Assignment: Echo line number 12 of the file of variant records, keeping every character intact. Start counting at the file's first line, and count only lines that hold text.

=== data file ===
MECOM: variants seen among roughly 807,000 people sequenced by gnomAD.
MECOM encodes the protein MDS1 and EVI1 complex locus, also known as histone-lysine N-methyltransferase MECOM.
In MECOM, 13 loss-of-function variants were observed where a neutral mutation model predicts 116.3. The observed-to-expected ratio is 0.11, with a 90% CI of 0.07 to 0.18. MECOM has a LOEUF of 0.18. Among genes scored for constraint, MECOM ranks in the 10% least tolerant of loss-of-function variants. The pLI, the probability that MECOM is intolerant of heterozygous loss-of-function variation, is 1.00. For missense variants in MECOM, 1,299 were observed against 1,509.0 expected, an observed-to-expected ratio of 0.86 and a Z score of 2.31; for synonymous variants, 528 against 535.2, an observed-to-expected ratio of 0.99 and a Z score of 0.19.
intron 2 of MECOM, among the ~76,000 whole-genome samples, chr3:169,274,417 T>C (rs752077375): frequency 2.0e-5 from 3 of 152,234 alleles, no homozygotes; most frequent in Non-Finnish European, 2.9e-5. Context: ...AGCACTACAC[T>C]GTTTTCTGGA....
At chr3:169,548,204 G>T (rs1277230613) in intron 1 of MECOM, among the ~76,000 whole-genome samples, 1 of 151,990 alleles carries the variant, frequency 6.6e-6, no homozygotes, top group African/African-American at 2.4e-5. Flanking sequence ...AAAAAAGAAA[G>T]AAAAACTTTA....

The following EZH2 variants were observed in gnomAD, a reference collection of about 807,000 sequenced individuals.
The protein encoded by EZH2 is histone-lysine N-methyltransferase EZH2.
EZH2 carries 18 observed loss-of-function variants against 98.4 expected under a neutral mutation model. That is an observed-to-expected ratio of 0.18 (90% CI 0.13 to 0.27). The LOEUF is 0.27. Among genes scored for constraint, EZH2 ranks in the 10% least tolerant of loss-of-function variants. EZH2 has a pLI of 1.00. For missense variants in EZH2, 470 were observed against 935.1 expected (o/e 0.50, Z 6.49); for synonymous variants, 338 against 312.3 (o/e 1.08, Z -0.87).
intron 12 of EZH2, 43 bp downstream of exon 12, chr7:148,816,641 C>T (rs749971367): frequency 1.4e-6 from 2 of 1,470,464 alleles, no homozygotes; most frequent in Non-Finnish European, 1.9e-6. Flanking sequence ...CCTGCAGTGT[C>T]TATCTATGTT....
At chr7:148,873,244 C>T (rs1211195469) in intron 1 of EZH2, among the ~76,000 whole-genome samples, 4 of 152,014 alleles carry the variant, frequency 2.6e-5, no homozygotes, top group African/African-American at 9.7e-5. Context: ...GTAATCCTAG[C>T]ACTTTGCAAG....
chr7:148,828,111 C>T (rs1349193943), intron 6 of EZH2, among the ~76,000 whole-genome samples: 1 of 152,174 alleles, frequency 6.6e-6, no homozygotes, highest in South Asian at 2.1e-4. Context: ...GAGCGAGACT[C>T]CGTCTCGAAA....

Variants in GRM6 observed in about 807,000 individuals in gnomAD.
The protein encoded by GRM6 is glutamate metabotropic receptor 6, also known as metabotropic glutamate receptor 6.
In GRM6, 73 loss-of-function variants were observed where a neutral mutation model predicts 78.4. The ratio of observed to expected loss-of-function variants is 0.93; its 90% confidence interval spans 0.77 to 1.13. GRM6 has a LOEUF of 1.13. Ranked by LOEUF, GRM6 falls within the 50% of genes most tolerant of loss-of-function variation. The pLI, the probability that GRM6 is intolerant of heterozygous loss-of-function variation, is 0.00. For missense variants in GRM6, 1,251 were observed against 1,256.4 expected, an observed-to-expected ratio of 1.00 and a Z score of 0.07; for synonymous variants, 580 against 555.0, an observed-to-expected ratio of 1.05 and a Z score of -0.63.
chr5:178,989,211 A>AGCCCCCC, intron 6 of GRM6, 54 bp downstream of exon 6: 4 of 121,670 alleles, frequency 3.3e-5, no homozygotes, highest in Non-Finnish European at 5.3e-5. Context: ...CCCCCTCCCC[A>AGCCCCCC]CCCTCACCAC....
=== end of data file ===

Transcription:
Variants in GRM6 observed in about 807,000 individuals in gnomAD.